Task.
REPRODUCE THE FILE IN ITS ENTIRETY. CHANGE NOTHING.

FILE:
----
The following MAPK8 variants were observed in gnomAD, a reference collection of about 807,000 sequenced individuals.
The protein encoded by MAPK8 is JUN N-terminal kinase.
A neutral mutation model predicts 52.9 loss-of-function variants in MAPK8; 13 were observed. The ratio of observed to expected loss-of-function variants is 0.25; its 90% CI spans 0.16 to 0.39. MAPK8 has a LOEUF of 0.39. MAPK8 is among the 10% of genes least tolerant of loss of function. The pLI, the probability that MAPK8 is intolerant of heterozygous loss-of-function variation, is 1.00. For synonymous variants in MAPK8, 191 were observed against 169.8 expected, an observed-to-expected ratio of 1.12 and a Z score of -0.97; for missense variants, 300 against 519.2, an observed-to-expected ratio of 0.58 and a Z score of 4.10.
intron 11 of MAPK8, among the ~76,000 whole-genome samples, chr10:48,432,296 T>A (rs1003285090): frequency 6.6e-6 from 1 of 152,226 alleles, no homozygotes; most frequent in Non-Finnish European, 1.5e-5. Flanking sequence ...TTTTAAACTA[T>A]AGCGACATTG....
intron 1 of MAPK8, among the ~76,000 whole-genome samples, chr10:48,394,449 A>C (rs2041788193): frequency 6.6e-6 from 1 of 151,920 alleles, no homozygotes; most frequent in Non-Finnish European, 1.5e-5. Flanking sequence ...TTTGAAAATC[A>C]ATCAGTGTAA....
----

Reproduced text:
The following MAPK8 variants were observed in gnomAD, a reference collection of about 807,000 sequenced individuals.
The protein encoded by MAPK8 is JUN N-terminal kinase.
A neutral mutation model predicts 52.9 loss-of-function variants in MAPK8; 13 were observed. The ratio of observed to expected loss-of-function variants is 0.25; its 90% CI spans 0.16 to 0.39. MAPK8 has a LOEUF of 0.39. MAPK8 is among the 10% of genes least tolerant of loss of function. The pLI, the probability that MAPK8 is intolerant of heterozygous loss-of-function variation, is 1.00. For synonymous variants in MAPK8, 191 were observed against 169.8 expected, an observed-to-expected ratio of 1.12 and a Z score of -0.97; for missense variants, 300 against 519.2, an observed-to-expected ratio of 0.58 and a Z score of 4.10.
intron 11 of MAPK8, among the ~76,000 whole-genome samples, chr10:48,432,296 T>A (rs1003285090): frequency 6.6e-6 from 1 of 152,226 alleles, no homozygotes; most frequent in Non-Finnish European, 1.5e-5. Flanking sequence ...TTTTAAACTA[T>A]AGCGACATTG....
intron 1 of MAPK8, among the ~76,000 whole-genome samples, chr10:48,394,449 A>C (rs2041788193): frequency 6.6e-6 from 1 of 151,920 alleles, no homozygotes; most frequent in Non-Finnish European, 1.5e-5. Flanking sequence ...TTTGAAAATC[A>C]ATCAGTGTAA....